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U.S. determined to halt China’s chip game plan with SMIC sanctions

  • September 28, 2020
  • , Nikkei Asian Review , 3:46 a.m,
  • English Press

SHUNSUKE TABETA and GEN NAKAMURA, Nikkei staff writers


BEIJING/TOKYO — The U.S. has struck at the heart of Beijing’s ambition to become self-sufficient in semiconductors as the Trump administration issues its latest crackdown on Chinese tech companies, tightening export controls on top chipmaker Semiconductor Manufacturing International Co.


The de facto ban announced Friday makes it difficult for SMIC to import vital equipment for manufacturing semiconductors, an area in which Japanese companies such as Tokyo Electron and Screen Holdings [formerly Dainippon Screen] excel.


Though the Commerce Department’s directive is aimed at American businesses, instructing them to apply for licenses to ship certain controlled items to SMIC, it may extend to products of non-American companies that use U.S. technology.


Tokyo Electron supplies etching machines and film deposition equipment to SMIC, while Screen deals in surface cleaning machinery. Companies such as Nikon and Canon have been promoting semiconductor-exposure devices to Chinese clients.


Whether these Japanese companies will be subject to the new U.S. rules remains unclear.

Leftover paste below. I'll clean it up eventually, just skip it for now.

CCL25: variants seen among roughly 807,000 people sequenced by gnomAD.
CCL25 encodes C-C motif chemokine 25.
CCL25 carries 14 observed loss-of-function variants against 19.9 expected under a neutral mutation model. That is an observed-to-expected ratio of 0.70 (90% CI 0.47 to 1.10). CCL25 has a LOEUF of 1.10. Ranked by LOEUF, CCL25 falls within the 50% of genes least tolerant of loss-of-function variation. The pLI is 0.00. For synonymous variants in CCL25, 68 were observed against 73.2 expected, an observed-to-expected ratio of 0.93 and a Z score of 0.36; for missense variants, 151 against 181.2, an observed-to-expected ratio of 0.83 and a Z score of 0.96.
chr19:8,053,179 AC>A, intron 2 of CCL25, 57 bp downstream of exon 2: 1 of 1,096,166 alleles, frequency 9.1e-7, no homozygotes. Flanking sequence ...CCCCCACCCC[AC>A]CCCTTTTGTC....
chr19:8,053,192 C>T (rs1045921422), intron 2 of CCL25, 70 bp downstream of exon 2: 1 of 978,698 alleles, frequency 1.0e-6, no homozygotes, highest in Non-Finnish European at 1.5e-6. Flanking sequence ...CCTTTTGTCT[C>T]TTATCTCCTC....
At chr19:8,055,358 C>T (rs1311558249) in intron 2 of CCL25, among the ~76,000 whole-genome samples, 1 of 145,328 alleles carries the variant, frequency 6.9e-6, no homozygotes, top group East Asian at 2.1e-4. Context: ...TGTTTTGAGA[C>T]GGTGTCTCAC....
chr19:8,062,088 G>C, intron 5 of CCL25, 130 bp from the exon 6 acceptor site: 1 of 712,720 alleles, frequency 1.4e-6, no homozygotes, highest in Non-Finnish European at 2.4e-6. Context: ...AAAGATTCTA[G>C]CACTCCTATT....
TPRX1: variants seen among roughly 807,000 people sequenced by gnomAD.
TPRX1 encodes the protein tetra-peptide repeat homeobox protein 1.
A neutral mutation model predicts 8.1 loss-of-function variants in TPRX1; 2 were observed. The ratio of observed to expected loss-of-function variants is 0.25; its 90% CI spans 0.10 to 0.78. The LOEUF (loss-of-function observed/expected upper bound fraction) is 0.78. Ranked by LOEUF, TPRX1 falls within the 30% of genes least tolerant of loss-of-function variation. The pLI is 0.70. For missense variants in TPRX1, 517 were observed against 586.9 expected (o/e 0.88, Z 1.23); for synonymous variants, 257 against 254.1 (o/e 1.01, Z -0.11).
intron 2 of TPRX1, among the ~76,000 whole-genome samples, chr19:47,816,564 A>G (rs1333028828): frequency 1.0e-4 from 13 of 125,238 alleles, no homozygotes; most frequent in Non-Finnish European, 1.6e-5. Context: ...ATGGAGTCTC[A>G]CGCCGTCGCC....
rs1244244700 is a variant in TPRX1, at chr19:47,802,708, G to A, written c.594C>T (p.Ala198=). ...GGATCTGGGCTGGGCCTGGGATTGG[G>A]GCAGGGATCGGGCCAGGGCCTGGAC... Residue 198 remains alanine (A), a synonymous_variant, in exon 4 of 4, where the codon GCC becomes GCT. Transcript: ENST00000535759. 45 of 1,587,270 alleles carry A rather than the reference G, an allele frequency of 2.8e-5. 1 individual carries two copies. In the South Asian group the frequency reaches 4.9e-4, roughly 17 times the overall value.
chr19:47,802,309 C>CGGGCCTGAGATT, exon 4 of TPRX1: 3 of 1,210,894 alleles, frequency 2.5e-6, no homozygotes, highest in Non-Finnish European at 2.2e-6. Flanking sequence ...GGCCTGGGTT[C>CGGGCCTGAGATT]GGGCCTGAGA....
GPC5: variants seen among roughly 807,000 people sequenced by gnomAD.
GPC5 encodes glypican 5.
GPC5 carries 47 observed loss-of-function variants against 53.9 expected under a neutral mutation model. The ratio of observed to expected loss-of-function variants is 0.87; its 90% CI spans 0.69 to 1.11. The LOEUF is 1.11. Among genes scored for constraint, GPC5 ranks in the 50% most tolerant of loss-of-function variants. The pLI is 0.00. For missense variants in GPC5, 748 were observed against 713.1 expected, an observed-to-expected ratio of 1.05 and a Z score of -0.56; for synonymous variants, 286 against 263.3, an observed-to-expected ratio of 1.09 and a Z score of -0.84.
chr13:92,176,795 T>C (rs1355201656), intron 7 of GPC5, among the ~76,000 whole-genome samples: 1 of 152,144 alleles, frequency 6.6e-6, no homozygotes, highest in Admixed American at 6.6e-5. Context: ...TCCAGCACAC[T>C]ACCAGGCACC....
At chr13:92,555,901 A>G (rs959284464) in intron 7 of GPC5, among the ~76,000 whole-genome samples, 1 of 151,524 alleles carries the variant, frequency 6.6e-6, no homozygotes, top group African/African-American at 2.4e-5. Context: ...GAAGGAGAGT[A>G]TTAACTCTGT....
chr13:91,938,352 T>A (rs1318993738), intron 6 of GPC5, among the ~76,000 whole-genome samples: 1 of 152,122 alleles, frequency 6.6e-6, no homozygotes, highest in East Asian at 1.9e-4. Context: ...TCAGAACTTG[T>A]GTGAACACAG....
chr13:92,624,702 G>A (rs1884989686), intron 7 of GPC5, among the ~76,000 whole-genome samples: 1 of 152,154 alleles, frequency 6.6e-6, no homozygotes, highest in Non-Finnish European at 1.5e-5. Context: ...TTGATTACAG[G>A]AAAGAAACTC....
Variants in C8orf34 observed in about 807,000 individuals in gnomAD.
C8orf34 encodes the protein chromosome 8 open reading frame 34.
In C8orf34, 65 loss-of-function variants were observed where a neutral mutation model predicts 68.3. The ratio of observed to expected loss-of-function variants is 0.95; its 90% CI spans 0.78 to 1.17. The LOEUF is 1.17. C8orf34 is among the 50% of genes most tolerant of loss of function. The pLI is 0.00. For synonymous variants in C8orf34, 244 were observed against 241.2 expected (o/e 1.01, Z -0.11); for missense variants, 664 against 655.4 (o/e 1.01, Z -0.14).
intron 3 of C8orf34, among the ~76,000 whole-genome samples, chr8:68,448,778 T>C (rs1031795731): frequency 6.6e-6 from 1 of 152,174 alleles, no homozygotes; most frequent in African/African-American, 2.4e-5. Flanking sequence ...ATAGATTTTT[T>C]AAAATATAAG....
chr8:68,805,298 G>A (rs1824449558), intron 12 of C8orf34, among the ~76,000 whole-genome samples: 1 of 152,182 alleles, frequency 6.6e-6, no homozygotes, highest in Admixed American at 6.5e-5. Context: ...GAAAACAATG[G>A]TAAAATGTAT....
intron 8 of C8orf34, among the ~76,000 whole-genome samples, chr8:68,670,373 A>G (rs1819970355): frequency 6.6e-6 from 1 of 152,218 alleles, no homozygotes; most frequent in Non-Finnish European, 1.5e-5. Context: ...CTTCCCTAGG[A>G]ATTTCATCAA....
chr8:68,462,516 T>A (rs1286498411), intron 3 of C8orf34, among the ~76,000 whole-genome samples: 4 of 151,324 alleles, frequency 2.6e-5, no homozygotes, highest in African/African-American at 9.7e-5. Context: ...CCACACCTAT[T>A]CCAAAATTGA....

“We have no comment on deals with specific clients,” Nikon told Nikkei.


But in the broader picture, the regulation threatens to throw a wrench into China’s high-tech industry, derailing President Xi Jinping’s game plan of increasing semiconductor self-sufficiency and reducing dependence on the U.S.


SMIC listed in July on the Shanghai STAR Market, dubbed China’s Nasdaq, for the biggest share offering in mainland China in 10 years. In May, the group’s unit operating its Shanghai plant received capital from a state-related fund.


The chipmaker’s total fundraising this year is thought to reach nearly $10 billion, as it expands production and accelerates research and development.


This is in line with Beijing’s “Made in China 2025” initiative, which prioritizes the semiconductor industry as a development area. The goal is to elevate China’s self-sufficiency in the field to 70% by 2025, from less than 20% now. SMIC has been seen as the flag bearer in this challenge.


SMIC’s current mainstay chips are made with 55- to 65-nanometer technologies, with its most advanced version running on a 14-nm process. The company is said to be two generations behind market leader Taiwan Semiconductor Manufacturing Co., which handles 5-nm technology.


With the new U.S. restrictions in place, Xi’s dream of chip self-sufficiency looks increasingly difficult to attain by 2025. But that difficulty also may cause headaches for American companies that do business with SMIC.


Qualcomm and Broadcom are among SMIC’s top five clients, Chinese local media report. Both companies outsource part of their production to the mainland chipmaker, which is cheaper than TSMC.


As U.S.-China tensions rise, it may grow difficult for the American companies to continue relying on the mainland. Yet, with SMIC accounting for just 5% of the chip outsourcing market, some say the impact of the restrictions may be limited.


China has imported $2.7 billion in chip manufacturing equipment from Japan this year through August. Japan accounted for roughly 30% of China’s imports, higher than the Netherlands or the U.S.


Tokyo Electron has seen a 46% rise in sales to China during the April-June quarter, as its Chinese clients increased investment.

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